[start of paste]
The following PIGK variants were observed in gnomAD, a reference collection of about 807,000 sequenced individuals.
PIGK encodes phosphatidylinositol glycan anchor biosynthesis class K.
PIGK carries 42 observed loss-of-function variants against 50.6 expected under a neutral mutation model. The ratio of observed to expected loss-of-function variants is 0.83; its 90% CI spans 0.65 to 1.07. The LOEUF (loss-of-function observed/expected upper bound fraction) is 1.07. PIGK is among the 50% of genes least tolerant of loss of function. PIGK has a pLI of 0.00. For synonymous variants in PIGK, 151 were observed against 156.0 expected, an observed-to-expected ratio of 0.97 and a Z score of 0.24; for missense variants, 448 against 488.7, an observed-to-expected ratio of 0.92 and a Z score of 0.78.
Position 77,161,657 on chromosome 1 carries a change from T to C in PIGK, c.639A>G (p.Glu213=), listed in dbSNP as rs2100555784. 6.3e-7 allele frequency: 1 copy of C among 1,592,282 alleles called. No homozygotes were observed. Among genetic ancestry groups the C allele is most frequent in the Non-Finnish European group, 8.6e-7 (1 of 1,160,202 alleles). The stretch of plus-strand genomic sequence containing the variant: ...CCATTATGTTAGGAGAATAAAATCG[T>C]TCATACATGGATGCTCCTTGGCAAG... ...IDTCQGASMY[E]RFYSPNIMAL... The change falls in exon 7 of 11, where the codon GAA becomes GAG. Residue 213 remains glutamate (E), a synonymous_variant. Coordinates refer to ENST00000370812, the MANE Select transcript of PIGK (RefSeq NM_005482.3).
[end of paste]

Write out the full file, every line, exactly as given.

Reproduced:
The following PIGK variants were observed in gnomAD, a reference collection of about 807,000 sequenced individuals.
PIGK encodes phosphatidylinositol glycan anchor biosynthesis class K.
PIGK carries 42 observed loss-of-function variants against 50.6 expected under a neutral mutation model. The ratio of observed to expected loss-of-function variants is 0.83; its 90% CI spans 0.65 to 1.07. The LOEUF (loss-of-function observed/expected upper bound fraction) is 1.07. PIGK is among the 50% of genes least tolerant of loss of function. PIGK has a pLI of 0.00. For synonymous variants in PIGK, 151 were observed against 156.0 expected, an observed-to-expected ratio of 0.97 and a Z score of 0.24; for missense variants, 448 against 488.7, an observed-to-expected ratio of 0.92 and a Z score of 0.78.
Position 77,161,657 on chromosome 1 carries a change from T to C in PIGK, c.639A>G (p.Glu213=), listed in dbSNP as rs2100555784. 6.3e-7 allele frequency: 1 copy of C among 1,592,282 alleles called. No homozygotes were observed. Among genetic ancestry groups the C allele is most frequent in the Non-Finnish European group, 8.6e-7 (1 of 1,160,202 alleles). The stretch of plus-strand genomic sequence containing the variant: ...CCATTATGTTAGGAGAATAAAATCG[T>C]TCATACATGGATGCTCCTTGGCAAG... ...IDTCQGASMY[E]RFYSPNIMAL... The change falls in exon 7 of 11, where the codon GAA becomes GAG. Residue 213 remains glutamate (E), a synonymous_variant. Coordinates refer to ENST00000370812, the MANE Select transcript of PIGK (RefSeq NM_005482.3).